More than 60 years ago, Dad was stationed with the Air Wing at El Toro in California.
More than 60 years ago, Dad was stationed with the Air Wing at El Toro in California. His squadron flew transports, mostly R4Ds.
We lived in a rural area around Costa Mesa, Calif., where I went to fifth and sixth grades. Across the street from our home was a huge expanse of open grassland populated by tumbleweeds, an occasional pheasant and not a few jackrabbits.
In the far distance at the edge of this sea of brown grass sat a huge hangar, which was the LTA base. Those letters stand for "Lighter than Air," which meant and still means "blimps."
That big field was our playground where we hunted with BB guns, built forts, explored fault cracks in the land and where I learned to smoke like Humphrey Bogart. The blimp hangar was our "Area 51," a mysterious place where giant airships silently cruised into their berths.
Micro memories of those days still flash through my mind whenever I see Marine Corps or Navy squadron designations spelled out. They begin with the letter "V" which means "Heavier than Air," a throwback to those old days when blimps were quite common.
Hydrogen filled airships once ran intercontinental passenger service, but the explosion of the Hindenburg in 1937 pretty much derailed that German effort. They didnít have access to large quantities of helium; therefore, all of their ships were bombs.
Itís amazing how much difference just adding one tiny neutron and electron to a hydrogen atom makes. However, helium production isnít always benign. Some methods can make cities disappear. Remember the Cold War?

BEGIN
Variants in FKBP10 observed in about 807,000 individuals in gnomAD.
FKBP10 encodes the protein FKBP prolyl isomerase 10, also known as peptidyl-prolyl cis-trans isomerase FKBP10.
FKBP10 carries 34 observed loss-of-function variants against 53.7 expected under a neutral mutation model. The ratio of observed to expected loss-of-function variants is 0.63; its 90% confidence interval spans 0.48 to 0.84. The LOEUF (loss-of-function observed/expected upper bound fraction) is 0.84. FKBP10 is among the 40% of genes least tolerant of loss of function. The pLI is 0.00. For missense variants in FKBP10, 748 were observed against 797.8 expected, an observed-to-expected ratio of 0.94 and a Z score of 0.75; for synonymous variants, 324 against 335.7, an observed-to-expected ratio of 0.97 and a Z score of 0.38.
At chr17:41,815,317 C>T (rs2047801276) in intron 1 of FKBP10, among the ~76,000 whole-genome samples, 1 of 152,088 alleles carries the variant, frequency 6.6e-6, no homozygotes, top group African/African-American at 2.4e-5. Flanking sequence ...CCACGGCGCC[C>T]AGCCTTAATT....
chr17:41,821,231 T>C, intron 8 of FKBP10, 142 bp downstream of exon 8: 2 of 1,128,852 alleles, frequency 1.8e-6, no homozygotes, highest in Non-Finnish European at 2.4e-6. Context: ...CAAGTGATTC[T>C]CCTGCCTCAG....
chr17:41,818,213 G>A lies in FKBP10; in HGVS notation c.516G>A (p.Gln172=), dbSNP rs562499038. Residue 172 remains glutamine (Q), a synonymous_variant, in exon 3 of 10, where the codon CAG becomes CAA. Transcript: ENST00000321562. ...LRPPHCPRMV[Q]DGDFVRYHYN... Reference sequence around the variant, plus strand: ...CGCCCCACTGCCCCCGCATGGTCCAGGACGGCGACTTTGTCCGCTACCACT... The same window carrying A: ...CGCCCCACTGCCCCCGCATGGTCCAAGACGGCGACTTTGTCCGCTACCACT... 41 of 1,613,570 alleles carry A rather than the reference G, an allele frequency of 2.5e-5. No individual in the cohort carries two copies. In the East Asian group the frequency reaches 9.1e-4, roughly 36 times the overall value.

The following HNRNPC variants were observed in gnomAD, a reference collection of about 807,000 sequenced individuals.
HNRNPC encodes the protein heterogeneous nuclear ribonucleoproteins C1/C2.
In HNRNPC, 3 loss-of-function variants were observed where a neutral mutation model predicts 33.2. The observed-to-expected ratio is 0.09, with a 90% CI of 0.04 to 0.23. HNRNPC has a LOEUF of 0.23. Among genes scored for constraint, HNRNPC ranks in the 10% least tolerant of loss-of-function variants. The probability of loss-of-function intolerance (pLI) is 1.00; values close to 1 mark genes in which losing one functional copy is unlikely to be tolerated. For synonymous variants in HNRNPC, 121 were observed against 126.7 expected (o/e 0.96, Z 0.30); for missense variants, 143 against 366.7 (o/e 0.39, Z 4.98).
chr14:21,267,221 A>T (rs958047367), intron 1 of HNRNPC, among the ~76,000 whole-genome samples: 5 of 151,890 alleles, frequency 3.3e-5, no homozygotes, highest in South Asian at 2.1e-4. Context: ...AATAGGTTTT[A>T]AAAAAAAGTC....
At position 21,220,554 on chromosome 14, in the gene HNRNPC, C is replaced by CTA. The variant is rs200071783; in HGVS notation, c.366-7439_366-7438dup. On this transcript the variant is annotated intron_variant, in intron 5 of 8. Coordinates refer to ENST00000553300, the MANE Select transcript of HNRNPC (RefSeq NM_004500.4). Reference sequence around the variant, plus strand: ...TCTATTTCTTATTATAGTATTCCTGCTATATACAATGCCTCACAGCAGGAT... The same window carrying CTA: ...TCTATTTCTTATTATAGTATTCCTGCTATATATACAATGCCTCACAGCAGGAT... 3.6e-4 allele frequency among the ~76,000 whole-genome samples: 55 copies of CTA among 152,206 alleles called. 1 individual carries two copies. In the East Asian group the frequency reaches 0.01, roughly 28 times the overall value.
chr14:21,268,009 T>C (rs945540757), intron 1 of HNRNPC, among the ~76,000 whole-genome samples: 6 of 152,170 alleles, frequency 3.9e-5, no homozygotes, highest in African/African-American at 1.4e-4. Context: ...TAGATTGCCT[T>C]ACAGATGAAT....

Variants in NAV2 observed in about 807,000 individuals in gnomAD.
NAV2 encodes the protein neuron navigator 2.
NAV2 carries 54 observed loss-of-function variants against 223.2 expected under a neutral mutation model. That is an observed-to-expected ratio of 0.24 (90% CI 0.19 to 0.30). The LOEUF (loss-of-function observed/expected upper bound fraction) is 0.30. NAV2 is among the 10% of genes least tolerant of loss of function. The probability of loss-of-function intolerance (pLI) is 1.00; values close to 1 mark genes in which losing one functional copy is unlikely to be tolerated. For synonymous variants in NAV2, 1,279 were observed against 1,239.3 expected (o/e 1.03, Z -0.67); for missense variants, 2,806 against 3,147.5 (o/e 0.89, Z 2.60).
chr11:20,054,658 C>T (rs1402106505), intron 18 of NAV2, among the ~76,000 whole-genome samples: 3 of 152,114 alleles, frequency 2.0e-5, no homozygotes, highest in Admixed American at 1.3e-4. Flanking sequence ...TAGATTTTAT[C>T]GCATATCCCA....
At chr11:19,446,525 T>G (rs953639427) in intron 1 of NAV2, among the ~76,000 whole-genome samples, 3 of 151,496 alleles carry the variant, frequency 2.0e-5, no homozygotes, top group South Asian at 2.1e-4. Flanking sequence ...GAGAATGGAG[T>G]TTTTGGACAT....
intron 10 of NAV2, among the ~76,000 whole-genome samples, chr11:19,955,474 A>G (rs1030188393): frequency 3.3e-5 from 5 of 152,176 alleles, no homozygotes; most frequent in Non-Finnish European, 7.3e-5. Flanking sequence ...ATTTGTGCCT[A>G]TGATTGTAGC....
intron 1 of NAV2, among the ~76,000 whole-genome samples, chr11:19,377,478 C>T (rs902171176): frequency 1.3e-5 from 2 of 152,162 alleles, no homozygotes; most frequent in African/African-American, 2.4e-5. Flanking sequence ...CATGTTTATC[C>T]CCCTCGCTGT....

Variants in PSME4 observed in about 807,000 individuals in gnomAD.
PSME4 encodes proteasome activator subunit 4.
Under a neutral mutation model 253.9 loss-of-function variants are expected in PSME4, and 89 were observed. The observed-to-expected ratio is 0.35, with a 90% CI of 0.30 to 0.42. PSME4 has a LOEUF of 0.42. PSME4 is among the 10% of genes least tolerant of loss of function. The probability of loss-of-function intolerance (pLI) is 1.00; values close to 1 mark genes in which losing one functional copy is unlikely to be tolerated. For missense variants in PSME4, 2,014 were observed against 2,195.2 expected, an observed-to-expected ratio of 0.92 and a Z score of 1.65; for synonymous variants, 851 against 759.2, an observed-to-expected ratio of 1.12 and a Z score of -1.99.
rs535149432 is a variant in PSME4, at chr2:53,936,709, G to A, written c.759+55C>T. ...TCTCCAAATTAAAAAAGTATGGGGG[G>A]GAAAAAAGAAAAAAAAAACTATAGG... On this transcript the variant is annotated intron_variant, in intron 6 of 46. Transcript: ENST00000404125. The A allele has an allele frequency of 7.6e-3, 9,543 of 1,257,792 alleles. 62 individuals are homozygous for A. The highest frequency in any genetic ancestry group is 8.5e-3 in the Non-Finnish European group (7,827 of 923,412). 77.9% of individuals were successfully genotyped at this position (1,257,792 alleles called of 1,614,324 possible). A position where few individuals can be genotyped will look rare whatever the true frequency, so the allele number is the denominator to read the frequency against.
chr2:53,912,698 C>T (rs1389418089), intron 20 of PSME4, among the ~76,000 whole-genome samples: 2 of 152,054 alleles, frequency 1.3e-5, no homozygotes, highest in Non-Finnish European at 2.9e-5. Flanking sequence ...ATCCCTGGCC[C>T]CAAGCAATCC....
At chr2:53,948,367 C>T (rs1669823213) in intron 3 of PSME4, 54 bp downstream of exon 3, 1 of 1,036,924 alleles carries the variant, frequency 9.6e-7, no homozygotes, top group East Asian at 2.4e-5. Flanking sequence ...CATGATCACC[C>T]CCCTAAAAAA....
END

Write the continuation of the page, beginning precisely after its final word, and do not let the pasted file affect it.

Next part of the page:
Let us mention the gas also makes grown men talk like one of the Chipmunks. Sometimes Mother Nature definitely shows a twisted sense of humor.
So what brought me to this particular subject was recent news about high-tech airships now being developed in California, not all that far from where we lived. Applying new space-age materials, composites along with propulsion and aerodynamic efficiencies lead some entrepreneurs to believe they can move cargo cost effectively.
This commercial adaptation of LTA ships has been tried before with limited successes. (There was a time when plans for LTA ships were being made for Craven County.) Of course, weíre all familiar with the Goodyear blimp and its messaging during ball games.
This time around developers are focusing on prodigious tonnage they intend to move around the planet. Iím skeptical that even with astronomical lifting capabilities, dodging weather and moving at bicycle speeds might be a crippling economic albatross around their bulging necks.
Whatever happens, itíll be interesting to watch. Lately we humans have been expanding travel imaginations from both ends. Spanning the spectrum from lumbering behemoths to private-enterprise space vehicles, thereís amazing new stuff in the pipeline.
For the present Iím looking forward to seeing how these new LTA ships work out. Iíve seen pictures of one ship under construction and it appears quite sleek. But, of course, thereís a limit to just how sleek any air bag can be.
At the official unveiling I imagine Elton John singing "The Blimp Is Back!" That seems appropriate.
Otis Gardnerís column appears here weekly. He can be reached at firstname.lastname@example.org.